From a Rooftop

By Timothy Steele b. 1948 Timothy Steele
At dawn, down in the streets, from pavement grills,
Steam rises like the spent breath of the night.
At open windows, curtains stir on sills;
There’s caging drawn across a market’s face;
An empty crane, at its construction site,
Suspends a cable into chasmed space.

The roof shows other rooftops, their plateaus
Marked with antennas from which lines are tied
And strung with water beads or hung with clothes.
And here and there a pigeon comes to peck
At opaque puddles, its stiff walk supplied
By herky-jerky motions of its neck.

Downtown, tall buildings surmount a thinning haze.
The newest, the world center of a bank,
Has sides swept upward from a block-broad base,
Obsidian glass, fifty stories tall;
Against it hangs a window-washer’s plank,
An aerie on a frozen waterfall.

Nearer and eastward, past still-sleeping blocks,
Crews on the waterfront are changing shifts.
Trucks load at warehouses at the foot of docks;
A tug out in the bay, gathering speed,
With a short hollow blast of puffed smoke, lifts
Gulls to a cawing and air-borne stampede.

It is as if dawn pliantly compels
The city to relax to sounds and shapes,
To its diagonals and parallels:
Long streets with traffic signals blinking red,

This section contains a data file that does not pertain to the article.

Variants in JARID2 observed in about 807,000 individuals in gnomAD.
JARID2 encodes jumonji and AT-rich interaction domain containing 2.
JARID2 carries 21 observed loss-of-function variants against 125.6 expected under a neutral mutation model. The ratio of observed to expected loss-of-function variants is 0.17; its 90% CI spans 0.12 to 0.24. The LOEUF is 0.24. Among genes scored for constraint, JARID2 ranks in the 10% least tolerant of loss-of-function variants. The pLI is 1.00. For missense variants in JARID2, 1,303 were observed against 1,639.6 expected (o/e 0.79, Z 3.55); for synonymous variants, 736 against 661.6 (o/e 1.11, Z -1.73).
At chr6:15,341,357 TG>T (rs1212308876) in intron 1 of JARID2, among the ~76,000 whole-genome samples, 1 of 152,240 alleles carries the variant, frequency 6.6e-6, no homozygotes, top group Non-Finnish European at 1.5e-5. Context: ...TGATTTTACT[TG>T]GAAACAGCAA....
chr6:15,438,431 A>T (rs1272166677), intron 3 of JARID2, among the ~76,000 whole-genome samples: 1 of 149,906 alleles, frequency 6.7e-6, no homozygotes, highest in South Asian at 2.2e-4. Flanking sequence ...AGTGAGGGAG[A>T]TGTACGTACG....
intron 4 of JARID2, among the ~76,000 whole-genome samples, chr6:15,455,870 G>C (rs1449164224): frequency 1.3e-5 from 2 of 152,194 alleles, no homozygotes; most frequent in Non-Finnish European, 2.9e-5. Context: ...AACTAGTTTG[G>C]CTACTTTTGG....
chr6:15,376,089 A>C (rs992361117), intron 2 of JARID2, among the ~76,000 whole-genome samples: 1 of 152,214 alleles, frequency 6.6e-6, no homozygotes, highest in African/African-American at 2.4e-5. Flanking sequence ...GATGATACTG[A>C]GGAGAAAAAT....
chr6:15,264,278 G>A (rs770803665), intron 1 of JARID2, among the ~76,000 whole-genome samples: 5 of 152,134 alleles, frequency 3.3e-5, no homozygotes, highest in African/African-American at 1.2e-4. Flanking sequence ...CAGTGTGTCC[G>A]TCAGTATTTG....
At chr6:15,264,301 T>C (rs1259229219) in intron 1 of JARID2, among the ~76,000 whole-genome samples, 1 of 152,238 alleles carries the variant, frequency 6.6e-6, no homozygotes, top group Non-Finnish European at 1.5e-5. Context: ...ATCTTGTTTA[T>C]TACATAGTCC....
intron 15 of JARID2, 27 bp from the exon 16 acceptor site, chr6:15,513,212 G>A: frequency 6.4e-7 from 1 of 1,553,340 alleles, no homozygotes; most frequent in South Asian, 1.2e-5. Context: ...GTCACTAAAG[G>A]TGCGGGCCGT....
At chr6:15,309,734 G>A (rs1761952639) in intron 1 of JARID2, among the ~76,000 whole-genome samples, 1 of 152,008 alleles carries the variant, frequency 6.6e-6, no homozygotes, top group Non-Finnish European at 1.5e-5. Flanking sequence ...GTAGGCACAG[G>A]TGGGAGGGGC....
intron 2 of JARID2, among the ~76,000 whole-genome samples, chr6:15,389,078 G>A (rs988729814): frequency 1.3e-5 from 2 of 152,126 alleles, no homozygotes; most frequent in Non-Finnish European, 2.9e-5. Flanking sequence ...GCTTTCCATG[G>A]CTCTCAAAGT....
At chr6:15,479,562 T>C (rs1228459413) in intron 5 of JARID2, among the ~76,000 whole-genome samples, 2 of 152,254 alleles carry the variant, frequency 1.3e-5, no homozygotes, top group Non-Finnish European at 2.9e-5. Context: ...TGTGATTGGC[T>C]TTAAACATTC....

Small squares of parks, alleys with fire escapes,
Rooftops above which cloudless day is spread.

And it’s as if the roofs’ breeze-freshened shelves,
Their level surfaces of gravelled tar
Where glassy fragments glitter, are themselves
A measure of the intermediate worth
Of all the stories to the morning star
And all the stories to the morning earth.

Timothy Steele, “From a Rooftop” from Sapphics and Uncertainties: Poems 1970-1986. Copyright � 1986, 1995 by Timothy Steele. Reprinted with the permission of the University of Arkansas Press, www.uapress.com.

Source: Sapphics Against Anger and Other Poems (1986)

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Poet Timothy Steele b. 1948

Subjects Cities & Urban Life, Social Commentaries

Poetic Terms Rhymed Stanza

 Timothy  Steele

Biography

Timothy Steele was born in 1948 in Burlington, Vermont, and holds degrees from Stanford University and Brandeis University, where he studied with the poet J.V. Cunningham. The influence of formal masters like Cunningham and Yvor Winters, a force at Stanford for much of the early 20th century, is apparent in Steele’s poetry, which is notable for its allegiance to traditional forms, meters, and rhyme schemes. Though Steele has . . .

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SUBJECT Cities & Urban Life, Social Commentaries

Poetic Terms Rhymed Stanza

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Originally appeared in Poetry magazine.

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